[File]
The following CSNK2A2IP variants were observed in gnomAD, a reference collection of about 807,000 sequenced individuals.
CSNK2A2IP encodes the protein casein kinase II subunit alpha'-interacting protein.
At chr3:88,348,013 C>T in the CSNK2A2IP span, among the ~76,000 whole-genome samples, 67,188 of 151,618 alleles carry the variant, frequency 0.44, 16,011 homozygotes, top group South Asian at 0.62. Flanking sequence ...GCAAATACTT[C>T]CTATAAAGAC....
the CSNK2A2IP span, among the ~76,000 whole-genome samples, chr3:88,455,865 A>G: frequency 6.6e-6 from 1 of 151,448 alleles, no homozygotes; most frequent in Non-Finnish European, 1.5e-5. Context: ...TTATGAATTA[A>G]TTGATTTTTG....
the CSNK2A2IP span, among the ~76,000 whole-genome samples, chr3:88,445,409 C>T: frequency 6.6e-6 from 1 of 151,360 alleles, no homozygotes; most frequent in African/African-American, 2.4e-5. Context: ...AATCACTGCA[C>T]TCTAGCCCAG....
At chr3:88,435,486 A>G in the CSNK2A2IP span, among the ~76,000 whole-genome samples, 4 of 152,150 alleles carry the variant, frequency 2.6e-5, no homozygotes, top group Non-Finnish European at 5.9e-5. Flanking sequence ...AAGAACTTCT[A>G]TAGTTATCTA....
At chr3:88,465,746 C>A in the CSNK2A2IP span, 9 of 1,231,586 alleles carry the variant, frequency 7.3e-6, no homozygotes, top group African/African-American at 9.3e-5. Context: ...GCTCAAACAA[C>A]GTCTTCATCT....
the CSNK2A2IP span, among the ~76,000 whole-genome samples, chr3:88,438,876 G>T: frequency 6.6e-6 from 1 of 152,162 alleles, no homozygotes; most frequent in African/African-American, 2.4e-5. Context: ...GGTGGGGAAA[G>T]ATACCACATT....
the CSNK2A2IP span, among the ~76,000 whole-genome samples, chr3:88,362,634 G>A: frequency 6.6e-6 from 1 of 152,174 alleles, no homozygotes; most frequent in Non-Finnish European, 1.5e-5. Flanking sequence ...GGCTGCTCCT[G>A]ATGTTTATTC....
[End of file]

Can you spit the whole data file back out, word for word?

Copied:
The following CSNK2A2IP variants were observed in gnomAD, a reference collection of about 807,000 sequenced individuals.
CSNK2A2IP encodes the protein casein kinase II subunit alpha'-interacting protein.
At chr3:88,348,013 C>T in the CSNK2A2IP span, among the ~76,000 whole-genome samples, 67,188 of 151,618 alleles carry the variant, frequency 0.44, 16,011 homozygotes, top group South Asian at 0.62. Flanking sequence ...GCAAATACTT[C>T]CTATAAAGAC....
the CSNK2A2IP span, among the ~76,000 whole-genome samples, chr3:88,455,865 A>G: frequency 6.6e-6 from 1 of 151,448 alleles, no homozygotes; most frequent in Non-Finnish European, 1.5e-5. Context: ...TTATGAATTA[A>G]TTGATTTTTG....
the CSNK2A2IP span, among the ~76,000 whole-genome samples, chr3:88,445,409 C>T: frequency 6.6e-6 from 1 of 151,360 alleles, no homozygotes; most frequent in African/African-American, 2.4e-5. Context: ...AATCACTGCA[C>T]TCTAGCCCAG....
At chr3:88,435,486 A>G in the CSNK2A2IP span, among the ~76,000 whole-genome samples, 4 of 152,150 alleles carry the variant, frequency 2.6e-5, no homozygotes, top group Non-Finnish European at 5.9e-5. Flanking sequence ...AAGAACTTCT[A>G]TAGTTATCTA....
At chr3:88,465,746 C>A in the CSNK2A2IP span, 9 of 1,231,586 alleles carry the variant, frequency 7.3e-6, no homozygotes, top group African/African-American at 9.3e-5. Context: ...GCTCAAACAA[C>A]GTCTTCATCT....
the CSNK2A2IP span, among the ~76,000 whole-genome samples, chr3:88,438,876 G>T: frequency 6.6e-6 from 1 of 152,162 alleles, no homozygotes; most frequent in African/African-American, 2.4e-5. Context: ...GGTGGGGAAA[G>T]ATACCACATT....
the CSNK2A2IP span, among the ~76,000 whole-genome samples, chr3:88,362,634 G>A: frequency 6.6e-6 from 1 of 152,174 alleles, no homozygotes; most frequent in Non-Finnish European, 1.5e-5. Flanking sequence ...GGCTGCTCCT[G>A]ATGTTTATTC....